If it wasn’t for Midsummer, I wouldn’t be here today.
My family likes to tell the tale of Jennings who, in the early 1930’s, returned to his hometown after a voyage in the Merchant Marines. That particular year, his town of Hickson, North Dakota had decided to join together with Comstock, Minnesota, a small community just across the Red River of the North, for a combined Midsummer festival. And somewhere amidst the food and drink and general hijinx, there was a softball game, during which Jennings turned to his father and said – “See that blond who’s the catcher? That’s the girl I’m going to marry.” He had never met her and didn’t know her name, but Harriet Pederson and Jennings Johnson were indeed wed and subsequently, I was born.
Many years later I married another Johnson on another Midsummer. Call me twice blessed.
It’s understandable that the Scandinavians and other northern European cultures would be big on celebrating what is known as “the longest day and the shortest night.” I’m certain they figure that they more than earned a festival after the long, cold, dark of winter. And so they can be forgiven for hopping like frogs around a maypole (true, yes they do!), wearing wildflowers on their head, lighting bonfires to protect against evil spirits and eating a lot of pickled herring while getting tipsy on aquavit.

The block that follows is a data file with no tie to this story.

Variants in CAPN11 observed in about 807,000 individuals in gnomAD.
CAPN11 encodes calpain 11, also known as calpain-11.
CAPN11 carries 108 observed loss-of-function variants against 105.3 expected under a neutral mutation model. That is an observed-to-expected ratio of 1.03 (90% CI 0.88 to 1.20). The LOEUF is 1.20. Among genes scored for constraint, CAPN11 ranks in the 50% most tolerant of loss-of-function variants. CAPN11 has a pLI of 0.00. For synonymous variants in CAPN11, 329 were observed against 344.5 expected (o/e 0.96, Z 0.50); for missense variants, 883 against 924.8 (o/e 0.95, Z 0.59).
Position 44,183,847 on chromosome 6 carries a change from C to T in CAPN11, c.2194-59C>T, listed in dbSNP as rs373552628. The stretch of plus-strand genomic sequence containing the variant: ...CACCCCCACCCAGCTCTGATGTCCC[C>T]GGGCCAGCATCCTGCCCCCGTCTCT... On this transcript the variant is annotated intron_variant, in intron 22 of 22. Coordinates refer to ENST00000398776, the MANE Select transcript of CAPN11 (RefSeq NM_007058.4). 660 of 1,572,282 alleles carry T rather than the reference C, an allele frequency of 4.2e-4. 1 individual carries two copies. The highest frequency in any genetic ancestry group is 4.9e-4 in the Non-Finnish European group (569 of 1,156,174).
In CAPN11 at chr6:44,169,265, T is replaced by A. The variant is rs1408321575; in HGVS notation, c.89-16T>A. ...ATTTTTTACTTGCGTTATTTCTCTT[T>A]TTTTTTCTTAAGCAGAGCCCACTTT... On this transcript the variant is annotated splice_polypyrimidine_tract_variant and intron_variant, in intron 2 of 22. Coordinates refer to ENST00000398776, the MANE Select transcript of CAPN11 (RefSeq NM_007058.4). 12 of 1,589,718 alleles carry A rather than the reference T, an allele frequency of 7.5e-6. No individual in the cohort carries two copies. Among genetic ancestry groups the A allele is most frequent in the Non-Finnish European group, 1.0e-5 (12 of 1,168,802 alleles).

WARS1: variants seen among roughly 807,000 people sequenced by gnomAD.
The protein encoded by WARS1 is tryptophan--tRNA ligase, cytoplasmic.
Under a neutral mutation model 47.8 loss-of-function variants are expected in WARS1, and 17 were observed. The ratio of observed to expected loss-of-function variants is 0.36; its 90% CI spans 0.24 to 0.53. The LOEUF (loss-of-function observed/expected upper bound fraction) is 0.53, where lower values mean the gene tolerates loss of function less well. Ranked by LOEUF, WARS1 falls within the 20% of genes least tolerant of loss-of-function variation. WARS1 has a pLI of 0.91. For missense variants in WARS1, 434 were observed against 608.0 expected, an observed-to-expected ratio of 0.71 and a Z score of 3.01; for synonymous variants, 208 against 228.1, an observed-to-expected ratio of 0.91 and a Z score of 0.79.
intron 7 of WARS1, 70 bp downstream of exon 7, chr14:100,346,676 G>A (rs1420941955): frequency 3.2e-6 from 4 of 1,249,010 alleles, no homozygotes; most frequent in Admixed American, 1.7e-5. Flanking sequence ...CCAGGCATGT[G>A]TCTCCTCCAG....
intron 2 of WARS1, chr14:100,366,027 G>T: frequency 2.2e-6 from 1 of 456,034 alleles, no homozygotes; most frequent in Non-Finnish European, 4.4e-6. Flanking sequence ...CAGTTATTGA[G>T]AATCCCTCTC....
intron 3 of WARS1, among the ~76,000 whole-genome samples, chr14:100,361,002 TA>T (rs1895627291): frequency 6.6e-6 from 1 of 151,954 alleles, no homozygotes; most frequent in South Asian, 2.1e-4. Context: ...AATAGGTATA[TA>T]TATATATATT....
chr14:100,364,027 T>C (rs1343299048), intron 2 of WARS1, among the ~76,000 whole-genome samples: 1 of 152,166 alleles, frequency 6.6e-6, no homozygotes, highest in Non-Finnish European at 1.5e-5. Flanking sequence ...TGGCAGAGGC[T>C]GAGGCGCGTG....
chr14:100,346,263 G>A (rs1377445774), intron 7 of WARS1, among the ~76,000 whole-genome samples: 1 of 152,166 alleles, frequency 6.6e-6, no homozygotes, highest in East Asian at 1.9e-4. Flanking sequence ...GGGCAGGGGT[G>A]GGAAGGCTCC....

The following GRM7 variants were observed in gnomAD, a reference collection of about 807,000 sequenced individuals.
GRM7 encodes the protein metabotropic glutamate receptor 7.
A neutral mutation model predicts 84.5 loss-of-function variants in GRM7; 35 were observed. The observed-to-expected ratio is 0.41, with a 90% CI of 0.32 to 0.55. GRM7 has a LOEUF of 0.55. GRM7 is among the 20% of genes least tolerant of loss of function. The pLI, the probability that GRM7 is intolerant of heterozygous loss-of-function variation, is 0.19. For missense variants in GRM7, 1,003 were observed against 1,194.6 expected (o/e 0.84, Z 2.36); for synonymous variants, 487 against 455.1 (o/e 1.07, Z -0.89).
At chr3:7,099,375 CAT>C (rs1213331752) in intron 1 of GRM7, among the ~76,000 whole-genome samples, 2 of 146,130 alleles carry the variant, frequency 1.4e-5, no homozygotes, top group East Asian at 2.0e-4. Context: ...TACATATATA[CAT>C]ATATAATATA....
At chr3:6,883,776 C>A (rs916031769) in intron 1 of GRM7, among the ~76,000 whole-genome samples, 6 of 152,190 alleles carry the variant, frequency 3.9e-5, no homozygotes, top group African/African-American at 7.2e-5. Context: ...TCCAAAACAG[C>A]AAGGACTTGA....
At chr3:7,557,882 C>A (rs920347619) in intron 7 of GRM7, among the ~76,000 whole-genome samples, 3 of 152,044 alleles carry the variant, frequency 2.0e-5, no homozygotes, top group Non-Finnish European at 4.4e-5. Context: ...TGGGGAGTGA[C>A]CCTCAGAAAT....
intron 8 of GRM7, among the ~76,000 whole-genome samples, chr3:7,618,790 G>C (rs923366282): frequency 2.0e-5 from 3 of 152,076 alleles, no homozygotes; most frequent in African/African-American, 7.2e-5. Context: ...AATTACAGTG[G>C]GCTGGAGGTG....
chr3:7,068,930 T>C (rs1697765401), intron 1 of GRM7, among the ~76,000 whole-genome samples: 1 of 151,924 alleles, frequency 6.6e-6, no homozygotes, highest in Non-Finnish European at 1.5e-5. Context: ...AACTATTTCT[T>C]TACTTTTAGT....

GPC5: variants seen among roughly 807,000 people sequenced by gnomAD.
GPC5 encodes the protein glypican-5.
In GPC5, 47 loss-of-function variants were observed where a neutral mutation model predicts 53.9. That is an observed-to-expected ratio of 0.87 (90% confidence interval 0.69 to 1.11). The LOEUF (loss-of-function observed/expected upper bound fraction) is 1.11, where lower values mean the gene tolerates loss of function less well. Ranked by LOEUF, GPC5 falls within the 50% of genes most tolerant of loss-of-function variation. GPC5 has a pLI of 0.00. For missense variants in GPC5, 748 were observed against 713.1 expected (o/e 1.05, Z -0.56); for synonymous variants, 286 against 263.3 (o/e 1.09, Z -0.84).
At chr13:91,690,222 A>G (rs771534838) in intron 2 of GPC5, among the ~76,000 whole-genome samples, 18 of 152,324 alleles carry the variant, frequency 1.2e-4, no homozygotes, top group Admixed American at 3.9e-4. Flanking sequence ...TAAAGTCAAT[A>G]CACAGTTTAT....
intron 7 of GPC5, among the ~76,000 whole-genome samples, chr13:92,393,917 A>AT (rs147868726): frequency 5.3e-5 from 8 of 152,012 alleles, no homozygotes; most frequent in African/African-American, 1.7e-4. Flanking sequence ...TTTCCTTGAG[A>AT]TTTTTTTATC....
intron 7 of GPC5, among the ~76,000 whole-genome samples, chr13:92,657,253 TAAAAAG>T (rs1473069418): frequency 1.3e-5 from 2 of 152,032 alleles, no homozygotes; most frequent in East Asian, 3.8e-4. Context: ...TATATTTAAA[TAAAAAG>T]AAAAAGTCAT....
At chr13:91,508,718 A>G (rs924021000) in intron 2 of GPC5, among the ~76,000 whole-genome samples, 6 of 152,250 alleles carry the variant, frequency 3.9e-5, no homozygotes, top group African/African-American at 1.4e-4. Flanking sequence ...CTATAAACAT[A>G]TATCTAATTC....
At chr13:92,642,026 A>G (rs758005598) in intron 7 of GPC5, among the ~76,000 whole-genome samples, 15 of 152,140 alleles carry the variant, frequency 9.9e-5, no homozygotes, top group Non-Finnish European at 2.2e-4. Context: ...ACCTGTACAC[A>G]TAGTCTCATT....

It’s just possible that Minnesotans will be seen doing the same this year, considering that the summer was exceedingly slow to show up. My favorite weatherman, Paul Douglas in the Star Tribune, in fact, recently wrote – “Waiting for summer? I’m still waiting for spring!” Paul then went on to allude to “uncharted waters” in the same breath with “climate change” and stated, “…this tortured weather pattern may be linked to record melting in the Arctic last fall, which seems to have thrown the jet stream out of alignment.”
In that light and in honor of Midsummer, I would like to recommend a favorite book, “The Last Hours of Ancient Sunlight” by Thom Hartmann, who not only writes about the fate of our world but what we can do before it’s too late. He says “Everything you see alive around you is there because a plant somewhere was able to capture sunlight and store it. All animals live from these plants, whether directly (as with herbivores) or indirectly (as with carnivores, which eat the herbivores).”
In the introduction to this book, Joseph Chilton Pearce, author of “The Crack in the Cosmic Egg” and other works, relates a touching story about his eleven year old daughter who, upon hearing about the slaughter of elephants in Africa and, as he put it, “newly possessed of that straightforward irrationality of adults,” paced the floor weeping and crying out, “How can they do that? How?” – then turning, pointed to her father and admonished: “And you just sit there!”
I propose, then, that we celebrate Midsummer this year, not by hopping like frogs around a pole, or drinking too much aquavit, but by taking the season and the fate of our world to heart and not “just sitting there.”